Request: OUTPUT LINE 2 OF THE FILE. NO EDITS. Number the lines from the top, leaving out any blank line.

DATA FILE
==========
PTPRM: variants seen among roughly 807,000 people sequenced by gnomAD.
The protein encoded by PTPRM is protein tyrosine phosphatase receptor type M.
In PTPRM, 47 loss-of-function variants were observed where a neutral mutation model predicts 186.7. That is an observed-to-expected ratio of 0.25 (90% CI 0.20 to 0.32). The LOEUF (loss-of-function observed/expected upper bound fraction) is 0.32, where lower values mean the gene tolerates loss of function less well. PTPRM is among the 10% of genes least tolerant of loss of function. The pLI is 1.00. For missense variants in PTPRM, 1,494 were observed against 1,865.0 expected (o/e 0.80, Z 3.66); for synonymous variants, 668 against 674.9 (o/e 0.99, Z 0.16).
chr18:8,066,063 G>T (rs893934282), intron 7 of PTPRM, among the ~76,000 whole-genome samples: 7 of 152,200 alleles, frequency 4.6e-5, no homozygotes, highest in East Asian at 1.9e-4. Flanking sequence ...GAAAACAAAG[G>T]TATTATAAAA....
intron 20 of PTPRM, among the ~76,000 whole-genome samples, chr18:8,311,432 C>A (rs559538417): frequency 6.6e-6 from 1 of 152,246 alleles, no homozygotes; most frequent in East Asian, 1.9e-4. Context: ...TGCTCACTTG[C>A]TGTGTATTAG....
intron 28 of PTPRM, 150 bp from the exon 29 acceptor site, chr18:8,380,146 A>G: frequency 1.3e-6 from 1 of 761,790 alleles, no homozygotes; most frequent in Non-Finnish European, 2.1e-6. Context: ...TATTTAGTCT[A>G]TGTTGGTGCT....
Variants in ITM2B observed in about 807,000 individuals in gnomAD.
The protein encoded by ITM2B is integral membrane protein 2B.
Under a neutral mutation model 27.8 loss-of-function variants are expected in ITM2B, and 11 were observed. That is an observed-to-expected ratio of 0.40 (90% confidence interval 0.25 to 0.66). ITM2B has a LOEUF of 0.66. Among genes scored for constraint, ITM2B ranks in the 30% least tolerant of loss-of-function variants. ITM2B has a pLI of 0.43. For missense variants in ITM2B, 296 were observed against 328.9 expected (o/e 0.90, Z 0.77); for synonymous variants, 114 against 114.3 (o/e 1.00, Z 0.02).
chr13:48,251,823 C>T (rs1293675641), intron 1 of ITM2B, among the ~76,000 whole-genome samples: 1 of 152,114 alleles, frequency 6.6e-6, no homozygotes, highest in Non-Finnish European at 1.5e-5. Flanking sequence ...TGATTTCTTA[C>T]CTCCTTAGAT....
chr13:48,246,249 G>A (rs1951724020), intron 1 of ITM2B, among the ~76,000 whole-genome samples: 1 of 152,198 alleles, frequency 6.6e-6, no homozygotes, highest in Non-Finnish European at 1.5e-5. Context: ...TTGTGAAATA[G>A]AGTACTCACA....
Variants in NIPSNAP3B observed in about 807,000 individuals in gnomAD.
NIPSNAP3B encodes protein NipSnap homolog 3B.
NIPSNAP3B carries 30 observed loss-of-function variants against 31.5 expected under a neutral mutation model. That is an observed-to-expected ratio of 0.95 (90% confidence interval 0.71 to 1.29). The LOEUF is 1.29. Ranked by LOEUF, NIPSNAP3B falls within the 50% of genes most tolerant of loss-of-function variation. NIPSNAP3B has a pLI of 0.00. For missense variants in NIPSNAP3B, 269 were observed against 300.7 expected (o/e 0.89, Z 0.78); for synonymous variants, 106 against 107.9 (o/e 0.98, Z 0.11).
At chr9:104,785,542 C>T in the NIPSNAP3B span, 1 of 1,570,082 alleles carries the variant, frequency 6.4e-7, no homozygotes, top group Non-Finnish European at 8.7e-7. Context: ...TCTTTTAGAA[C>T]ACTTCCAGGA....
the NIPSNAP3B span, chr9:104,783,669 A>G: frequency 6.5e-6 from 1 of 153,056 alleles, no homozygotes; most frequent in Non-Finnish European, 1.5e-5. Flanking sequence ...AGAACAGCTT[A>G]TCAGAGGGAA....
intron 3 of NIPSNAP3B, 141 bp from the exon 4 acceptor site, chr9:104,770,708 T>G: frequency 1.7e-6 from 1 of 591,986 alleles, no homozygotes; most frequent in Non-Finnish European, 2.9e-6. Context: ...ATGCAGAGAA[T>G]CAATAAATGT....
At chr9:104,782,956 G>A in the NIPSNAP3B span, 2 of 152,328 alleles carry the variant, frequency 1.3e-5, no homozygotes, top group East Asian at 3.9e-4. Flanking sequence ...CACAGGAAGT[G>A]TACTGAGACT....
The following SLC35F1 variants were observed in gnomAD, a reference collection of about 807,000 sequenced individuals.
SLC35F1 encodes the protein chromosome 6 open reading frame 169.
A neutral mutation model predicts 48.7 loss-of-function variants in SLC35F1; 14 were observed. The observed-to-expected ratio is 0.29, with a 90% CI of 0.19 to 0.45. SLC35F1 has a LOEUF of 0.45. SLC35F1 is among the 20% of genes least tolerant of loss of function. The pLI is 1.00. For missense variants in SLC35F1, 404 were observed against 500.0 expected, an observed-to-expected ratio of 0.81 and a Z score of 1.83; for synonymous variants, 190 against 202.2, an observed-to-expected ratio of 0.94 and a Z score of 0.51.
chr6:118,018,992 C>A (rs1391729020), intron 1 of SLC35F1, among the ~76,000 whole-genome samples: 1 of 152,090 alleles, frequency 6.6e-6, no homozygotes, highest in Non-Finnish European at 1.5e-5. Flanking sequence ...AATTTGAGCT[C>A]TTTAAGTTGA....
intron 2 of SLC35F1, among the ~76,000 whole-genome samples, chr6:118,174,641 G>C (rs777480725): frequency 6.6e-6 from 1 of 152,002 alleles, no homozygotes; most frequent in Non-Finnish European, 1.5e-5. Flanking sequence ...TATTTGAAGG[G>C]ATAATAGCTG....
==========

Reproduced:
The protein encoded by PTPRM is protein tyrosine phosphatase receptor type M.